It was a local one-man band, and it was done in dribs and drabs over the course of a year long renovation.

However for my new house the sparkies were criminal and would charge you for farting. I'm sure this was well over 20K.

So take your pick or just think of a number and double it - it's any ones guess.
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Old 07.11.2012, 17:41
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Re: Re-wiring of house - costs?

Our landlord's just been quoted 12 000 for replacing the fuse box (which looks remarkably similar to that one) and rewiring the house. The house was built in the eighties.
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Old 07.11.2012, 18:33
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Re: Re-wiring of house - costs?

You may well have enough power as it is, whilst a modern fuse box with trip switches is cool, it may well not be needed.

Most modern electronic gadgets are less than 1amp in any case.....

If a particular room needs more power, then just add an extra circuit. If you want a new fuse box just do the fuse box. I guess the lighting circuits are 6a & the power points 10a, probably EXACTLY what they will give you again.
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Old 07.11.2012, 18:54
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Re: Re-wiring of house - costs?

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You may well have enough power as it is, whilst a modern fuse box with trip switches is cool, it may well not be needed.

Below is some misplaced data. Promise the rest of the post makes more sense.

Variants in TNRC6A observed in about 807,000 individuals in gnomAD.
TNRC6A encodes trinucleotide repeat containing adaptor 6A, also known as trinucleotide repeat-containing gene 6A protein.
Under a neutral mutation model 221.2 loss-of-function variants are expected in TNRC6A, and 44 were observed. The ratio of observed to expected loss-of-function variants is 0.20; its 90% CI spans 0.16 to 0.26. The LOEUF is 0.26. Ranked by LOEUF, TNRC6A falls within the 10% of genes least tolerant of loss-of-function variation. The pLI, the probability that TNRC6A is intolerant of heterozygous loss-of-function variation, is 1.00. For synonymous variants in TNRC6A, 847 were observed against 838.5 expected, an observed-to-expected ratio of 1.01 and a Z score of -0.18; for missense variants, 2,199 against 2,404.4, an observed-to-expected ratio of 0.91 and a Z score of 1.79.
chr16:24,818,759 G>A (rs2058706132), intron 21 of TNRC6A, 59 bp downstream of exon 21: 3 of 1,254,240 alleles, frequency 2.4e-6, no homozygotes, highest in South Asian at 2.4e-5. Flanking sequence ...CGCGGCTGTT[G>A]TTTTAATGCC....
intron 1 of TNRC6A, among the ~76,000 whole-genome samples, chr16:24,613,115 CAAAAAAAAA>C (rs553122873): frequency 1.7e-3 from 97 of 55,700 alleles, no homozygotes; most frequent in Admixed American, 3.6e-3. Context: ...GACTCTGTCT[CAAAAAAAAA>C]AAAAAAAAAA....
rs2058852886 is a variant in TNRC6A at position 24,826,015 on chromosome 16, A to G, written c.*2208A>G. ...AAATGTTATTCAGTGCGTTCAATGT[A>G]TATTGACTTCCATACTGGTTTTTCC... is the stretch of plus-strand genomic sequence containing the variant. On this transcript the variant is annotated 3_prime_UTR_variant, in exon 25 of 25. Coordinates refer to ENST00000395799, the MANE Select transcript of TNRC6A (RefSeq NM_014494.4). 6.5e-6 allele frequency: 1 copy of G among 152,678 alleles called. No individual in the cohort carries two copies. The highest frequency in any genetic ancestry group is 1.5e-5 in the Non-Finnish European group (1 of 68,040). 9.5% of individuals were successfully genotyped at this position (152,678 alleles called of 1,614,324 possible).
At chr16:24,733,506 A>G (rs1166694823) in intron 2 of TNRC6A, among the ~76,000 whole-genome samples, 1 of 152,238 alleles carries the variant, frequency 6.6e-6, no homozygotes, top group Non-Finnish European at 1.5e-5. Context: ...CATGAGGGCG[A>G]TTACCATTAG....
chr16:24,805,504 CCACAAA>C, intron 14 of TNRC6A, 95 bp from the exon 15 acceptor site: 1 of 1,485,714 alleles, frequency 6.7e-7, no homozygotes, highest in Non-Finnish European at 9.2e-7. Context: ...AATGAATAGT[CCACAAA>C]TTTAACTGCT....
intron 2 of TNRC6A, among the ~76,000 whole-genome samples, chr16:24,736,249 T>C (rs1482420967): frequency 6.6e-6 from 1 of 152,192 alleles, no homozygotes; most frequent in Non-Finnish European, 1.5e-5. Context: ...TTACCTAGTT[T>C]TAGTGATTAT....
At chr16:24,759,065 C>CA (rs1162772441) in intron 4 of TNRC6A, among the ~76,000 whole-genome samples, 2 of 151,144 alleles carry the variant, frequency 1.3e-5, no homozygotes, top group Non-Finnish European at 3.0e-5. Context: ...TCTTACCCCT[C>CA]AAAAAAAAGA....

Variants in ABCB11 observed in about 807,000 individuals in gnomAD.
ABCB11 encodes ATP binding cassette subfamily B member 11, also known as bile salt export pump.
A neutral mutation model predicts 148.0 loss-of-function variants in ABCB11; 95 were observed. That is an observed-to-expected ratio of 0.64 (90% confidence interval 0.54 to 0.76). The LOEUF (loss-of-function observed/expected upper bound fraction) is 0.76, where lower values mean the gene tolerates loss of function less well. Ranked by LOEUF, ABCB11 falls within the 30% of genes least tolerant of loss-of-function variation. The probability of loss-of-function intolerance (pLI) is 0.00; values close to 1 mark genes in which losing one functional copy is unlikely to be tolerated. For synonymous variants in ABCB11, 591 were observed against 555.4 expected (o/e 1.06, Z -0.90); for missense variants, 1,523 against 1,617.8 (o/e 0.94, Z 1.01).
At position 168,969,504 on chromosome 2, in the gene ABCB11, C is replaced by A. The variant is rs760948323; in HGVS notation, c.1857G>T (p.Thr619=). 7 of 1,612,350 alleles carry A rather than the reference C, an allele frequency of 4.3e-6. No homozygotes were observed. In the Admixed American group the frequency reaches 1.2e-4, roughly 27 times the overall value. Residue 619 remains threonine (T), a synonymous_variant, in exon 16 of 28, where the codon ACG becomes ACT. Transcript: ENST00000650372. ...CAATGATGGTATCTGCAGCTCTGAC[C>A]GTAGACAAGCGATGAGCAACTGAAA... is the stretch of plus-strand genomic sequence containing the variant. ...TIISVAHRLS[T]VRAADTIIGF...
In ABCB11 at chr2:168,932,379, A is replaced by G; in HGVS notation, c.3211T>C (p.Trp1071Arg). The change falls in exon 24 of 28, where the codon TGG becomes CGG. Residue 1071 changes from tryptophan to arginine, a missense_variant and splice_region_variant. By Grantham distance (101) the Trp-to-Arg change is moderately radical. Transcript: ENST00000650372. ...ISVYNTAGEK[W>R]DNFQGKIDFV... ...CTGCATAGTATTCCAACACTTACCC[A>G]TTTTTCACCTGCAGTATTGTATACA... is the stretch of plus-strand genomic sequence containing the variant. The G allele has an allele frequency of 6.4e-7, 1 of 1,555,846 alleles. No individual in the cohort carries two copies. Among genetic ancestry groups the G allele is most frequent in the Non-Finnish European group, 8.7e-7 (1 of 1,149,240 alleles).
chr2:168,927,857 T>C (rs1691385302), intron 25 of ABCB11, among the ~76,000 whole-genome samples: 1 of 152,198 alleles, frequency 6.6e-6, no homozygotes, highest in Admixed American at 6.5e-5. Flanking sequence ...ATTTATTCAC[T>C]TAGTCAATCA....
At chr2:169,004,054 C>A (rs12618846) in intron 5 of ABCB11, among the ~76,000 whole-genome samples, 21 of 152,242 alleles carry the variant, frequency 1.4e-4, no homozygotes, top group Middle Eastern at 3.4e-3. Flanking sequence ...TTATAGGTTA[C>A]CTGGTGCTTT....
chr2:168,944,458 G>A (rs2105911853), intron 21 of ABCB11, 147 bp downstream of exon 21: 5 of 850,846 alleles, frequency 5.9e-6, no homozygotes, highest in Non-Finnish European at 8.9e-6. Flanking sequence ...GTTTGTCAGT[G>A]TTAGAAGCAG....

Most modern electronic gadgets are less than 1amp in any case.....

If a particular room needs more power, then just add an extra circuit. If you want a new fuse box just do the fuse box!
Thanks FMF, my German isn't up to much, but from what I could understand this isn't critical but needed to get the electrics upto modern standards. What I wasn't able to get through to him was whether that's needed to pass the control, stipulated by our new Gemeinde.
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Old 07.11.2012, 18:56
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Re: Re-wiring of house - costs?

Hi Castro.
I think Fr.7k for the 2 fuse boards is not too high. With FI switches, 10amp and 16amp fuses, this price is not bad.

From what I can see from your photo, the fuse boards are from around 1965-1970. At this time here in Switzerland most sockets were only 6amp.
This in such is not a problem; one changes simply the cables for thicker ones.
The main problem could be that you have no EARTH cable in the house.
(The NUL cable is used as EARTH)
In new installations one must have a separate EARTH cable.
In your case the electrician must install in the old tubes, an extra cable, plus replace the old cables with thicker ones.
I think in his quotation he took this into consideration, the extra cable could give problems.

Salut Zämma

Last edited by Big Mara; 07.11.2012 at 19:21.
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Old 07.11.2012, 19:00
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Re: Re-wiring of house - costs?

We've just had the compulsory 'electrics control' done by the Canton. We were terrified- as we have one of those mixed fuse box and as it often trips if I have the washing machine on and I switch on the Hoover (annoying as I have to climb the stairs to re-set). Got an almost clean bill of electrical wealth - valid for 20 years. Just a few bits and pieces to do, like line a plug box which is set in wood panelling. Pheeeeeeeew. And thank goodness I have an old school friend who will do me 'mate's rates'.

It could well be the work does not actually need doing, as said above. Ask if it would pass the official Kanton test.